Medical card, CDL link proposed

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New Jersey Department of Transportation proposed new routing restrictions on 102-inch-wide standard truck and double-trailer truck combinations after the U.S. Supreme Court let stand a court ruling striking down the old restrictions. The new rules expand somewhat the roads that can be used by large trucks and apply both to interstate and intrastate trips. For more information, visit this site.

American Trucking Associations’ advanced seasonally adjusted for-hire Truck Tonnage Index gained 1.7 percent in September after falling 1.9 percent in August. September’s improvement was the best month-to-month gain since April 2006, when the index increased 2.0 percent. However, compared to a year earlier, the index was off 1.7 percent, and year-to-date, the index was down 1.9 percent, compared with the same period in 2005.

Federal Motor Carrier Safety Administration is accepting nominations until Jan. 4, 2007, for membership on the new Motor Carrier Safety Advisory Committee. Representatives of motor carriers, safety advocates and safety enforcement will be chosen based on their education, training or experience. For more information, visit this site and search Docket No. 26367.

FMCSA issued a notice specifying the federal statutory and regulatory provisions that states may enforce pertaining to household goods consumer protection. Last year, Congress gave state household goods regulatory authorities and state attorneys general the right to enforce certain consumer protection provisions that apply to individual shippers and are related to interstate movement of the goods. For more information, visit this site and search Docket No. 25886.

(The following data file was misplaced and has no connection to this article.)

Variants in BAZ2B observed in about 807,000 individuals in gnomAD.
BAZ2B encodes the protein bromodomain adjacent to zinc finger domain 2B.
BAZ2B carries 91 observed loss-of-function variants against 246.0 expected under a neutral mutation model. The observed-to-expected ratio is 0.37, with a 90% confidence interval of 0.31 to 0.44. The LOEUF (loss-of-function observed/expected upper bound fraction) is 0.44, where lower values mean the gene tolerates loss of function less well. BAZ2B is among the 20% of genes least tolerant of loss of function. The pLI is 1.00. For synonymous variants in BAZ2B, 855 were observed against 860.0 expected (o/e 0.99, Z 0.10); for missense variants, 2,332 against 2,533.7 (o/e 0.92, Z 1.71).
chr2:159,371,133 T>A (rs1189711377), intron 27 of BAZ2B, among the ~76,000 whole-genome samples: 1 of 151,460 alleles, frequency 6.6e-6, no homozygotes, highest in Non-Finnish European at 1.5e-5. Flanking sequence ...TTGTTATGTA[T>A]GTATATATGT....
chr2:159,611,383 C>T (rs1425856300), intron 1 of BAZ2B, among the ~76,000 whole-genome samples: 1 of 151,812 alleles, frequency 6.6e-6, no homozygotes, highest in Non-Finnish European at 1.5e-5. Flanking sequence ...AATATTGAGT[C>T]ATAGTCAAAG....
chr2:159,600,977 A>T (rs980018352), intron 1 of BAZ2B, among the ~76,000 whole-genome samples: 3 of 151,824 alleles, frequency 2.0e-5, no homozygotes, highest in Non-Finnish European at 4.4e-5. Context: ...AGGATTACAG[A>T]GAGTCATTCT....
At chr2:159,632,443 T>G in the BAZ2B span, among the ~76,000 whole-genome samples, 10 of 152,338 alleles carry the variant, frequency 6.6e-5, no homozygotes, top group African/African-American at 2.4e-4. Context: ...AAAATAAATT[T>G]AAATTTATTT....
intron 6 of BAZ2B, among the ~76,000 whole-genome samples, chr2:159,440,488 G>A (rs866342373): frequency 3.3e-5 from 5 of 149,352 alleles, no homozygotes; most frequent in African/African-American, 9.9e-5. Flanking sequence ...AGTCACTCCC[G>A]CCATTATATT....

Trucking will increase slightly its share of the nation’s freight pool and continue to dominate domestic freight movement into the next decade, the American Trucking Associations reports in its newly released U.S. Freight Transportation Forecast to 2017. The forecast projects trucking’s total tonnage share to rise to 69.2 percent in 2011 and to 69.5 percent by 2017 from 68.9 percent in 2005.

The Freight Transportation Services Index rose 1.3 percent in September to 109.5 from the August level of 108.1, rising after two consecutive monthly decreases, the U.S. Department
of Transportation’s Bureau of Transportation Statistics reported. However, the September 2006 level fell 1.0 percent from the September 2005 level of 110.6. For the first nine months of 2006, the Freight TSI has fallen 1.3 percent.

American Transportation Research Institute, the trucking industry’s not-for-profit research institute, released its Top 10 critical issues facing U.S. truckers, and issues related to driver availability and fuel costs top the list. The report is based on a survey of more than 4,000 trucking industry executives. For more information, visit this site.